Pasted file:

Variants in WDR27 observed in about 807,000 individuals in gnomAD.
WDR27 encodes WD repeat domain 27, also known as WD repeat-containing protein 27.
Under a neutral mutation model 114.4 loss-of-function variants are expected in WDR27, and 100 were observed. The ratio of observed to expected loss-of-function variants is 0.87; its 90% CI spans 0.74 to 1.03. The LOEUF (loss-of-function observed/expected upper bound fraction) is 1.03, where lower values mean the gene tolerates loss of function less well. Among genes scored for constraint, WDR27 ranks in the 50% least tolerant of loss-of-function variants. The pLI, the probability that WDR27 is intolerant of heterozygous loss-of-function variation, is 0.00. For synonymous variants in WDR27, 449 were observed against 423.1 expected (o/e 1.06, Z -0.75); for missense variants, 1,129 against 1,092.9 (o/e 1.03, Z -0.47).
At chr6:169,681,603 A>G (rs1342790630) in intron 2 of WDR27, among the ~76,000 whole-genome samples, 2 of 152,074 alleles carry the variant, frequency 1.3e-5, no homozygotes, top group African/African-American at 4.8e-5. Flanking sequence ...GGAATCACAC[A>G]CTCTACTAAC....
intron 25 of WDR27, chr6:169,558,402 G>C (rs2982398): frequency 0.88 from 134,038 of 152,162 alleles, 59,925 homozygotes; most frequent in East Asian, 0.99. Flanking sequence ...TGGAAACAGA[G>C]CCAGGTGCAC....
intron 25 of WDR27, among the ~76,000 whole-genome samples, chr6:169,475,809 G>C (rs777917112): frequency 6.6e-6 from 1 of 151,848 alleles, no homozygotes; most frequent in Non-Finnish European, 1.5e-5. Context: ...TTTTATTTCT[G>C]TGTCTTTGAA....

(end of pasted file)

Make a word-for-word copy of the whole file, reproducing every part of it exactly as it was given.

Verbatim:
Variants in WDR27 observed in about 807,000 individuals in gnomAD.
WDR27 encodes WD repeat domain 27, also known as WD repeat-containing protein 27.
Under a neutral mutation model 114.4 loss-of-function variants are expected in WDR27, and 100 were observed. The ratio of observed to expected loss-of-function variants is 0.87; its 90% CI spans 0.74 to 1.03. The LOEUF (loss-of-function observed/expected upper bound fraction) is 1.03, where lower values mean the gene tolerates loss of function less well. Among genes scored for constraint, WDR27 ranks in the 50% least tolerant of loss-of-function variants. The pLI, the probability that WDR27 is intolerant of heterozygous loss-of-function variation, is 0.00. For synonymous variants in WDR27, 449 were observed against 423.1 expected (o/e 1.06, Z -0.75); for missense variants, 1,129 against 1,092.9 (o/e 1.03, Z -0.47).
At chr6:169,681,603 A>G (rs1342790630) in intron 2 of WDR27, among the ~76,000 whole-genome samples, 2 of 152,074 alleles carry the variant, frequency 1.3e-5, no homozygotes, top group African/African-American at 4.8e-5. Flanking sequence ...GGAATCACAC[A>G]CTCTACTAAC....
intron 25 of WDR27, chr6:169,558,402 G>C (rs2982398): frequency 0.88 from 134,038 of 152,162 alleles, 59,925 homozygotes; most frequent in East Asian, 0.99. Flanking sequence ...TGGAAACAGA[G>C]CCAGGTGCAC....
intron 25 of WDR27, among the ~76,000 whole-genome samples, chr6:169,475,809 G>C (rs777917112): frequency 6.6e-6 from 1 of 151,848 alleles, no homozygotes; most frequent in Non-Finnish European, 1.5e-5. Context: ...TTTTATTTCT[G>C]TGTCTTTGAA....